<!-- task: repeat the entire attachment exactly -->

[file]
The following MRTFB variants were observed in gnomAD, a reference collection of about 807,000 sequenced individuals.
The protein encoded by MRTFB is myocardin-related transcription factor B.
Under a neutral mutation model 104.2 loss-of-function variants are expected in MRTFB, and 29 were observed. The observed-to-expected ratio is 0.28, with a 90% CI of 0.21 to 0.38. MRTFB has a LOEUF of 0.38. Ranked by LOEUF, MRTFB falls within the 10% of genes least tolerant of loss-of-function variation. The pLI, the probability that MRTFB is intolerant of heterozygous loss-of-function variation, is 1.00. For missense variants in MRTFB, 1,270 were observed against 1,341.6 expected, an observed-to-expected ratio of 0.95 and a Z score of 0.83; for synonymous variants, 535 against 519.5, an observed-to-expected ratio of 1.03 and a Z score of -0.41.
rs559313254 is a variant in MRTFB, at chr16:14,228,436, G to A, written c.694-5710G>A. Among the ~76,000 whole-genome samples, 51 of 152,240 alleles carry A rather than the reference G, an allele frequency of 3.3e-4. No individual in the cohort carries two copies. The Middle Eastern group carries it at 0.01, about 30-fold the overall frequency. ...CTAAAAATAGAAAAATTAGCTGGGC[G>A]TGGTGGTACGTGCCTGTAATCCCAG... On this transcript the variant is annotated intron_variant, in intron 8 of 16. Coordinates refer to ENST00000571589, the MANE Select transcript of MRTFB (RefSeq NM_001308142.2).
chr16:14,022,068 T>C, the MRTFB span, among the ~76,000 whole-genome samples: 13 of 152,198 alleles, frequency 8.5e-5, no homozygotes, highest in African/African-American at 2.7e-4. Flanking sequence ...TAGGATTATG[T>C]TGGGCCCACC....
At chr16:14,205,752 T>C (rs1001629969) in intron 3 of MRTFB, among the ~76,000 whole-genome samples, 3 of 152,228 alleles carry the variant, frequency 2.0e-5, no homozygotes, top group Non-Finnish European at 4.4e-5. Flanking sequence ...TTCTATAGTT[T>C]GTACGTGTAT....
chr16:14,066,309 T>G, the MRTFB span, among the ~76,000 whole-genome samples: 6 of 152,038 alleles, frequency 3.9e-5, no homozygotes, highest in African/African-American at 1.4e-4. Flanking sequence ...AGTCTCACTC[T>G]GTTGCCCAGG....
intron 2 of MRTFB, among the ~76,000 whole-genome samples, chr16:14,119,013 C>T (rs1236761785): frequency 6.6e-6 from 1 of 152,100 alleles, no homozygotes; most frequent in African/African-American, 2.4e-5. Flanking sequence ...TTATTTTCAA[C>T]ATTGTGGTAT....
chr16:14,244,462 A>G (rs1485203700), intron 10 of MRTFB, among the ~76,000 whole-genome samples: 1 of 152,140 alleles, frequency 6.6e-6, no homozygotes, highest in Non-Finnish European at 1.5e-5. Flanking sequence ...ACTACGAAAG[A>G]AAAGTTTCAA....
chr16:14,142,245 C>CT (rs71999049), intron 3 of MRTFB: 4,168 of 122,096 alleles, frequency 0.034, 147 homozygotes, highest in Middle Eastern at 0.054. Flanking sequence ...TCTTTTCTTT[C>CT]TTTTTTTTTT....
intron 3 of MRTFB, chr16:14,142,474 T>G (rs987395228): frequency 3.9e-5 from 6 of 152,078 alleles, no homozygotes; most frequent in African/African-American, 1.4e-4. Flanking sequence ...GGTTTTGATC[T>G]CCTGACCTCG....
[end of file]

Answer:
The following MRTFB variants were observed in gnomAD, a reference collection of about 807,000 sequenced individuals.
The protein encoded by MRTFB is myocardin-related transcription factor B.
Under a neutral mutation model 104.2 loss-of-function variants are expected in MRTFB, and 29 were observed. The observed-to-expected ratio is 0.28, with a 90% CI of 0.21 to 0.38. MRTFB has a LOEUF of 0.38. Ranked by LOEUF, MRTFB falls within the 10% of genes least tolerant of loss-of-function variation. The pLI, the probability that MRTFB is intolerant of heterozygous loss-of-function variation, is 1.00. For missense variants in MRTFB, 1,270 were observed against 1,341.6 expected, an observed-to-expected ratio of 0.95 and a Z score of 0.83; for synonymous variants, 535 against 519.5, an observed-to-expected ratio of 1.03 and a Z score of -0.41.
rs559313254 is a variant in MRTFB, at chr16:14,228,436, G to A, written c.694-5710G>A. Among the ~76,000 whole-genome samples, 51 of 152,240 alleles carry A rather than the reference G, an allele frequency of 3.3e-4. No individual in the cohort carries two copies. The Middle Eastern group carries it at 0.01, about 30-fold the overall frequency. ...CTAAAAATAGAAAAATTAGCTGGGC[G>A]TGGTGGTACGTGCCTGTAATCCCAG... On this transcript the variant is annotated intron_variant, in intron 8 of 16. Coordinates refer to ENST00000571589, the MANE Select transcript of MRTFB (RefSeq NM_001308142.2).
chr16:14,022,068 T>C, the MRTFB span, among the ~76,000 whole-genome samples: 13 of 152,198 alleles, frequency 8.5e-5, no homozygotes, highest in African/African-American at 2.7e-4. Flanking sequence ...TAGGATTATG[T>C]TGGGCCCACC....
At chr16:14,205,752 T>C (rs1001629969) in intron 3 of MRTFB, among the ~76,000 whole-genome samples, 3 of 152,228 alleles carry the variant, frequency 2.0e-5, no homozygotes, top group Non-Finnish European at 4.4e-5. Flanking sequence ...TTCTATAGTT[T>C]GTACGTGTAT....
chr16:14,066,309 T>G, the MRTFB span, among the ~76,000 whole-genome samples: 6 of 152,038 alleles, frequency 3.9e-5, no homozygotes, highest in African/African-American at 1.4e-4. Flanking sequence ...AGTCTCACTC[T>G]GTTGCCCAGG....
intron 2 of MRTFB, among the ~76,000 whole-genome samples, chr16:14,119,013 C>T (rs1236761785): frequency 6.6e-6 from 1 of 152,100 alleles, no homozygotes; most frequent in African/African-American, 2.4e-5. Flanking sequence ...TTATTTTCAA[C>T]ATTGTGGTAT....
chr16:14,244,462 A>G (rs1485203700), intron 10 of MRTFB, among the ~76,000 whole-genome samples: 1 of 152,140 alleles, frequency 6.6e-6, no homozygotes, highest in Non-Finnish European at 1.5e-5. Flanking sequence ...ACTACGAAAG[A>G]AAAGTTTCAA....
chr16:14,142,245 C>CT (rs71999049), intron 3 of MRTFB: 4,168 of 122,096 alleles, frequency 0.034, 147 homozygotes, highest in Middle Eastern at 0.054. Flanking sequence ...TCTTTTCTTT[C>CT]TTTTTTTTTT....
intron 3 of MRTFB, chr16:14,142,474 T>G (rs987395228): frequency 3.9e-5 from 6 of 152,078 alleles, no homozygotes; most frequent in African/African-American, 1.4e-4. Flanking sequence ...GGTTTTGATC[T>G]CCTGACCTCG....